Veterans theoretically get all their health care needs met. But there’s no veterans’ coverage for dental. Medicare and Medicaid also don’t cover oral health. It’s as if our mouths don’t matter.

In the seventeen years since the surgeon general issued his report clearly outlining the devastating systemic harm caused by poor dental health, nothing has been done to expand dental care to those who need it. Awful images jokingly posted on social media about “Walmartians” invariably include people with horribly decayed teeth. Or no teeth at all.

A 2016 Alternet article, “Why in Heaven’s Name Aren’t Teeth Considered Part of our Health?,” reveals that over 106 million Americans have no dental coverage and that one in four has untreated dental decay.

The social cost is as high or higher than the medical cost. We are immediately disgusted by those with visibly bad teeth. People with rotted teeth have a hard time finding employment and are shunned in social circles. Bad teeth are a marker of the lower classes. As noted by Susan Sered, author of the Alternet article,

The reality is that tooth decay signifies poverty in pernicious ways. Without expanding insurance to cover oral health, millions of Americans will continue to live with pain, stigma and the risks of systemic diseases that could be averted through an accessible and integrated system of dental care.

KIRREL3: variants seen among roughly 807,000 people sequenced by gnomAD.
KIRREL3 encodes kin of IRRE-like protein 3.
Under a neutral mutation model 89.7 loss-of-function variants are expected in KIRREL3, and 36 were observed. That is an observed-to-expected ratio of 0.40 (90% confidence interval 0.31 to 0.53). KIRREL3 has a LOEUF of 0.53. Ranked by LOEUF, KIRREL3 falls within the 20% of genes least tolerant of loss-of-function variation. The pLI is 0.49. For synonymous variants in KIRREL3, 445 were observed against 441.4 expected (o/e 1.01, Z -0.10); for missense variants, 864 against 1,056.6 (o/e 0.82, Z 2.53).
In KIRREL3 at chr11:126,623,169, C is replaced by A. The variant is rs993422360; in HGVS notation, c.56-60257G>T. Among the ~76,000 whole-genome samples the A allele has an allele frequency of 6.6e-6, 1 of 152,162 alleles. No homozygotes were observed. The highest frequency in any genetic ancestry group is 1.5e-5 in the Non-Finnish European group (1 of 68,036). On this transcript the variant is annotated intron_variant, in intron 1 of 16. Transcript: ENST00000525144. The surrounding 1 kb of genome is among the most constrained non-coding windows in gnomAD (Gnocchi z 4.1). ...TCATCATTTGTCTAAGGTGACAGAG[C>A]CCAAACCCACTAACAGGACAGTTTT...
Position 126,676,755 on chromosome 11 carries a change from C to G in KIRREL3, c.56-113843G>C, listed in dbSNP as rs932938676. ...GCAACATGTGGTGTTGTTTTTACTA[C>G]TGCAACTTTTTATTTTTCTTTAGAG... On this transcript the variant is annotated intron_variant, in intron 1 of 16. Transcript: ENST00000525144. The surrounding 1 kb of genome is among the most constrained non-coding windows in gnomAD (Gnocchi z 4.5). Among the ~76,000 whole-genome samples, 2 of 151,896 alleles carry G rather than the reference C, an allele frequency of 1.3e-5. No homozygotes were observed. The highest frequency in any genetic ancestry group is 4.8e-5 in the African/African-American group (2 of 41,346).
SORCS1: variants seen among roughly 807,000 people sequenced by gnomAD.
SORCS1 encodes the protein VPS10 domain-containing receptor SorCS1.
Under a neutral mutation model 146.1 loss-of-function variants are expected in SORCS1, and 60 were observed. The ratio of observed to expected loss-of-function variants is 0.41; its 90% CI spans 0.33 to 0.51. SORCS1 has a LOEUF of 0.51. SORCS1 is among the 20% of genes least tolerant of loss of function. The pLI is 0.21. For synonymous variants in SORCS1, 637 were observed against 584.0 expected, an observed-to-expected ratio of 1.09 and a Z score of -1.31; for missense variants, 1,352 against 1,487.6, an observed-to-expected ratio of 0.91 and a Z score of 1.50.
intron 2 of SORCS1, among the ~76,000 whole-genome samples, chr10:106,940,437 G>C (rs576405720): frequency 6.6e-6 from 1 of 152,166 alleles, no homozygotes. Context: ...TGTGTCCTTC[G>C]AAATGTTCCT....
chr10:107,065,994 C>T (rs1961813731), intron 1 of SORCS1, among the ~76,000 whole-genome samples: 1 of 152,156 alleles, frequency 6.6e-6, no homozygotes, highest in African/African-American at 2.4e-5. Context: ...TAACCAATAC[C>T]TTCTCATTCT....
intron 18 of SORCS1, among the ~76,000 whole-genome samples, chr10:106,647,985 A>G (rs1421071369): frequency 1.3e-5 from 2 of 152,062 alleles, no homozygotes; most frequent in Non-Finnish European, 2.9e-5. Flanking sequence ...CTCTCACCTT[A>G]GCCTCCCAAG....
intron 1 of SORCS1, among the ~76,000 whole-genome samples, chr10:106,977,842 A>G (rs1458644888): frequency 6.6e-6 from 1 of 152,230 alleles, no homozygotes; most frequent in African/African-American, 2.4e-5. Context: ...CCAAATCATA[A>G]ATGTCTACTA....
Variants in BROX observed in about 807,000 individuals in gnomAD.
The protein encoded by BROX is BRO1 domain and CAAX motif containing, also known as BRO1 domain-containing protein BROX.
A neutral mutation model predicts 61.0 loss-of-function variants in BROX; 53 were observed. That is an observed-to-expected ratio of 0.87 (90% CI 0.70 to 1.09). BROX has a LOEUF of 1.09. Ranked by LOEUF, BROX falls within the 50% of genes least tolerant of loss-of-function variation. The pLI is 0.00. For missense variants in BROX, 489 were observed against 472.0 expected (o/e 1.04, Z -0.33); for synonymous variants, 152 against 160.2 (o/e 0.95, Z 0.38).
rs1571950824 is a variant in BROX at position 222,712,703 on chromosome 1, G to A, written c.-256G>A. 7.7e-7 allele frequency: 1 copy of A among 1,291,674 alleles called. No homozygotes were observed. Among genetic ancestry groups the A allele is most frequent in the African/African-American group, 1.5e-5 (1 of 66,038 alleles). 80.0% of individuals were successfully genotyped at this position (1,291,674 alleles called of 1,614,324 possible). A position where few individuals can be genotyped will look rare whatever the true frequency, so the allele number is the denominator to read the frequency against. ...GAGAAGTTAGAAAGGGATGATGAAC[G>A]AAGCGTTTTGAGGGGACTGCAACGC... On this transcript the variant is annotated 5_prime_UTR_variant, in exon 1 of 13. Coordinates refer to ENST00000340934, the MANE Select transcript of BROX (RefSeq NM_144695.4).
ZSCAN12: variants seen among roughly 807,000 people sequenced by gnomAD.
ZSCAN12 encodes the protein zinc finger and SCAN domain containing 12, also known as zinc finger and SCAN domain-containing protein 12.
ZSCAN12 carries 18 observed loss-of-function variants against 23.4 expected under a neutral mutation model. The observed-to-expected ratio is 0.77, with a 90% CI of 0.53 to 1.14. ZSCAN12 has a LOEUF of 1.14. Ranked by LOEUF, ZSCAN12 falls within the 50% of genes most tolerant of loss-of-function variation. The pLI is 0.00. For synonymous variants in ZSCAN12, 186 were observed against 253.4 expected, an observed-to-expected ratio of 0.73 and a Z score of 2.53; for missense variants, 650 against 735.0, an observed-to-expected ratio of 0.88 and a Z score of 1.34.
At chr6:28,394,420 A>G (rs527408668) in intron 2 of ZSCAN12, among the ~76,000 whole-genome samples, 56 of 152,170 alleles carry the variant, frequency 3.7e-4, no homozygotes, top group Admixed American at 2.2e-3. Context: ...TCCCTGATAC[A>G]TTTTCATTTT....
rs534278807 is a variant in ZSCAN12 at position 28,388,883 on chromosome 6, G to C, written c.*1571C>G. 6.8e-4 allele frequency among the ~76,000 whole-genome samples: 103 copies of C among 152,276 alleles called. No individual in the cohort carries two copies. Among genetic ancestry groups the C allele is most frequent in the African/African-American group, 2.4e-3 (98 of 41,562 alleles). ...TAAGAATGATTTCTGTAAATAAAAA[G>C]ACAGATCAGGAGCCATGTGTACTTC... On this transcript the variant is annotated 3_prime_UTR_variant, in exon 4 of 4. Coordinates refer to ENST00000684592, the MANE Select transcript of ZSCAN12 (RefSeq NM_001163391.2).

Even before the surgeon general issued his report, common sense told us that decaying teeth sent infection into our bloodstream and compromised our immune system. A steady drip of pus into the body’s blood and lymph systems overwhelms not only the body’s ability to resist infection but also damages otherwise healthy tissue in vital organs.

No wonder Tom has a diseased heart, diseased lungs, and a poor prognosis. He lived with rotten teeth for years. Nobody in the VA stepped up and advised him about this problem. It’s not in their job description.

Likewise, as noted in the Alternet article, the lack of dental coverage in Medicare and Medicaid leaves out large segments of the population most in need of care. It’s estimated that 70% of seniors lack dental care precisely at a time in life when dental problems are most likely to appear.

Except for the random ‘free’ clinic for those qualified (and those lucky enough to live near one and who find their way through the tedious process of discovering where and how such clinics function), those without expensive dental insurance are on their own in addressing this vital and overlooked medical need. Many, like Tom, go without attention to their dental health until they can literally pluck teeth out of their inflamed gums like so many ripe plums.

There’s no excuse for this country to continue to ignore dental health. As one of the fundamental causes underlying so many severe medical conditions, dental disease should rank near the top of conditions covered fully by all insurance programs. In addressing oral health, insurance companies could help prevent or reduce many long-term ailments that cost untold millions and generate incalculable pain and suffering.